Overall, everything in an organization, and especially a profit driven organization, is possible to quantify. If you have a tough decision to make it’s a good idea to, at least as part of the decision material, create a quantitative model and see what it tells you. It might confirm what you initially thought, or it might go against your thoughts. Either way, it will reveal hidden answers to the overall problem, because the hardship of decision-making is not what you know that you don't know. It's what you don't know that you don't know that will eventually hit, as you weren’t able to prepare for it. Any way that helps you find questions that you don't know will be worth the effort.
A drug development process holds a significant amount of uncertainty in its inputs, such as predictions of failure, cost and schedule overruns and variations in revenue. From a forecasting point of view, it’s unrealistic to expect anyone to come up with a fixed cost for any activity during a drug development process. Most likely, any number selected will be wrong. A better approach is to come up with a range, an interval between two numbers, in which you are almost certain to find the real value. By doing so, you’re no longer guessing, but rather quantifying the limits of your knowledge. In practice, the range should be chosen so that you are 90% confident in the limits.
In theory, any problem that has any level of probabilistic interpretation can be solved using Monte Carlo simulation. Developed during World War II by John von Neumann and Stanislaw Ulam, and named after a casino district in Monaco, the Monte Carlo Method is a class of computational algorithms with repeated random sampling to obtain numerical results. The concept is based on the use of randomness in order to solve deterministic problems, and are mainly applied when investigating questions pertaining to optimization, numerical integration, or probability distribution.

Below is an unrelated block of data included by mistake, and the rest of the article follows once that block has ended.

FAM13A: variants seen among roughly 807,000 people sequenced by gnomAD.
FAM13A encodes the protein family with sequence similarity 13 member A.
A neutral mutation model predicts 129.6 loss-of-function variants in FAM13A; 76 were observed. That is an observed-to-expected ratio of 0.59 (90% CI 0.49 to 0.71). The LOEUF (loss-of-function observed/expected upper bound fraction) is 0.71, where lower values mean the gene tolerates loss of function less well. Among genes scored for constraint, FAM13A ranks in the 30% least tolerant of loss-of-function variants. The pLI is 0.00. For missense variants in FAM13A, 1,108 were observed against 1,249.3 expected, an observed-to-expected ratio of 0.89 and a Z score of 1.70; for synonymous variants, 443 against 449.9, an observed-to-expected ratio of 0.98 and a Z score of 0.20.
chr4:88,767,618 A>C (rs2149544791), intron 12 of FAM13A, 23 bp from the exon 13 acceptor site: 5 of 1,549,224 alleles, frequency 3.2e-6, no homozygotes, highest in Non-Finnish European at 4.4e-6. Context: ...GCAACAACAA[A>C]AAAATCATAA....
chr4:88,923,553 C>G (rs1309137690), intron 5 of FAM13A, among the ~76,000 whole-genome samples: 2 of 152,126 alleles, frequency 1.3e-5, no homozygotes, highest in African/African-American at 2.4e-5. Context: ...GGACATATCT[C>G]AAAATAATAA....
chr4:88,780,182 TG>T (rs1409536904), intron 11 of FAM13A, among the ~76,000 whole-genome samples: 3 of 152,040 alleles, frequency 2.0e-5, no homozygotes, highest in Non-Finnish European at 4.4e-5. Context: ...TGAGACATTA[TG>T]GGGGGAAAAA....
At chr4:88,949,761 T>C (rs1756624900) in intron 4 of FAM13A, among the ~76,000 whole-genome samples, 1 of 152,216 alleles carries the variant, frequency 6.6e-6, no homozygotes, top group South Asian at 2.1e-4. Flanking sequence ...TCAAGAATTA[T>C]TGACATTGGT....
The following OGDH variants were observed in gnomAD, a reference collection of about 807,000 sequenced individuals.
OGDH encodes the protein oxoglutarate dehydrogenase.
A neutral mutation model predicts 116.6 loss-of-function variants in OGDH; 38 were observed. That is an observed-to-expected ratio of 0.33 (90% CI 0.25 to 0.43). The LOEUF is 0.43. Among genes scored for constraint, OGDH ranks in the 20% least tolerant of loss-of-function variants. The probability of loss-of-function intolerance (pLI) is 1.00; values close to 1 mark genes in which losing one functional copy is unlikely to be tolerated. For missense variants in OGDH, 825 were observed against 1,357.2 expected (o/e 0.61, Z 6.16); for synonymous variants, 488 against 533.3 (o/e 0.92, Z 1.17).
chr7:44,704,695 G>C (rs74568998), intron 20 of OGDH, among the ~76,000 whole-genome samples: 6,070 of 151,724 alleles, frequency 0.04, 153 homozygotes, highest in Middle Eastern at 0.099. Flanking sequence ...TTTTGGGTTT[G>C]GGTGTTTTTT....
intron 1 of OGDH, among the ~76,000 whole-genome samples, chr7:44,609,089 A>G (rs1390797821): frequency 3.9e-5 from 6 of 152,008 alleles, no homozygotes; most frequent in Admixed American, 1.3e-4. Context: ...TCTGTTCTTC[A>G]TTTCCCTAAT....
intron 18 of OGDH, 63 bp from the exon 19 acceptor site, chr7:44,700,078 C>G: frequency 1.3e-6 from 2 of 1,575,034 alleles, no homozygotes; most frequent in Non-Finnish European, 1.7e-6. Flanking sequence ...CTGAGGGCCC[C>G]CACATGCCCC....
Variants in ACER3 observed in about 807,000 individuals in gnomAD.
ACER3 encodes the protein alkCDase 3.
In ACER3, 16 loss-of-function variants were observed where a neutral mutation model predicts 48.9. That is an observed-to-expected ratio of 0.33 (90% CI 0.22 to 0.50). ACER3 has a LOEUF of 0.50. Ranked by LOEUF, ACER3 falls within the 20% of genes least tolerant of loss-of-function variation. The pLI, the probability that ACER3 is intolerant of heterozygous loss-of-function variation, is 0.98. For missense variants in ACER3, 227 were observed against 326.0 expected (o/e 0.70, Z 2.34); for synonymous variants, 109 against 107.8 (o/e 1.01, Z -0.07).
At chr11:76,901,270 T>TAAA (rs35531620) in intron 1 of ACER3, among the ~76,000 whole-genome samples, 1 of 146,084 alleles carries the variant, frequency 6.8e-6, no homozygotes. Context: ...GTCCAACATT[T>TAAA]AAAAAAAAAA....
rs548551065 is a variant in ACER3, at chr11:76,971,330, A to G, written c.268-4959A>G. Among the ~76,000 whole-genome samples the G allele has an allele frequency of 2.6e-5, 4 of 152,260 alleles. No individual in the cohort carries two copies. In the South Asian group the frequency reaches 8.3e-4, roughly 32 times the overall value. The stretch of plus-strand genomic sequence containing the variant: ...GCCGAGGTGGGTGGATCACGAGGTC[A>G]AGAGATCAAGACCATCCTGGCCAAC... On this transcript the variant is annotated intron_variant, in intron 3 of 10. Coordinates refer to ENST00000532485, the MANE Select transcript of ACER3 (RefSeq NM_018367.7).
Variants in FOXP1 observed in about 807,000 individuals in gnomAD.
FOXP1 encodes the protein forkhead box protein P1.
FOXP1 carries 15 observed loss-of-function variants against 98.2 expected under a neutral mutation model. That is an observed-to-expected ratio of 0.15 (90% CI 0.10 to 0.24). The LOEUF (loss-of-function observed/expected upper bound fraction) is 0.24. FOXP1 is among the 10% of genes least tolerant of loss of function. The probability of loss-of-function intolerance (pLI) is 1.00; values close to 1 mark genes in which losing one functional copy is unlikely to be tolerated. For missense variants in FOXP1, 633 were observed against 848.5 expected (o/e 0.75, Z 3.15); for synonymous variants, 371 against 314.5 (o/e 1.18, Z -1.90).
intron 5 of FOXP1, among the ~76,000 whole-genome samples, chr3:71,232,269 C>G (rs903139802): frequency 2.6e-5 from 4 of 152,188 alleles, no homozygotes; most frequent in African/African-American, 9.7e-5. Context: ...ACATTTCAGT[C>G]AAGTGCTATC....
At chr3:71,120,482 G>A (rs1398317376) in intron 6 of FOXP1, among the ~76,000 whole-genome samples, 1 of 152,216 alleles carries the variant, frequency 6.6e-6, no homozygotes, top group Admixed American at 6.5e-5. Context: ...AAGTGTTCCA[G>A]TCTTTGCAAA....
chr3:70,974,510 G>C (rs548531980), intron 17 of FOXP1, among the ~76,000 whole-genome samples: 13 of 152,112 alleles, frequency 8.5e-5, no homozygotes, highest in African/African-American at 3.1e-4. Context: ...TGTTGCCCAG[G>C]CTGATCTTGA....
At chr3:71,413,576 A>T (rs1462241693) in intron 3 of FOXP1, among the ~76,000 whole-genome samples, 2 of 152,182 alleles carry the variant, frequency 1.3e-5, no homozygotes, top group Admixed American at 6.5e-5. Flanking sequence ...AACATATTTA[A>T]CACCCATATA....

One of the main reasons why Captario has chosen to use Monte Carlo simulation is that more or less everything that's fed from reality into a model has some uncertainty. Monte Carlo simulation can handle these uncertainties. A risk always has a probability of occurring, and will, if happening, have some consequence. With Monte Carlo simulation, you can map out the whole chain of events, analyze the whole development process, and see if there is perhaps a need to add activities to mitigate occurrences that would reduce the risk of non-favorable outcomes. Additionally, when addressing risk at all stages of the development process, it allows you to build a recovery plan into the initial project model, which in turn will be ”executed” automatically during the simulation procedure when the risk occurs. This way, you can simulate both favorable and non-favorable outcomes, allowing you to compare the resulting likelihood and consequence of each.
Commercial modeling tends to focus only on the market phase. However, Monte Carlo modeling allows for a dynamic connection from preclinical stages all the way through product launch. As such, if there is something that shortens the development process time, then that will automatically be reflected in the launch dates, which in turn impact the market model, the sales curve, and the associated costs due to the new launch date.
A portfolio expands the complexity of the model, especially if there are dependencies between projects. An example is if three projects (Project 2, Project 3, and Project 4) are dependent on whether another (Project 1) succeeds in the registration phase and intends to pursue an FDA approval. If Project 1 goes all the way, that would then be a signal to the other project models to go ahead. Evidently, any time savings you do for the first project will be multiplied in value because it will affect the other three projects to be launched earlier as well.
The merits of using Monte Carlo simulation include the ability to handle very complex models with dependencies within and across models. In addition, only viable outcomes from risks and opportunities are produced ensuring that process improvements are validated. A Monte Carlo simulation can thus capture the value of project dependencies, and provide a solid base of information for how to mitigate and reap the benefits of any potential outcome of the development process, spanning all the way from research to commercialization.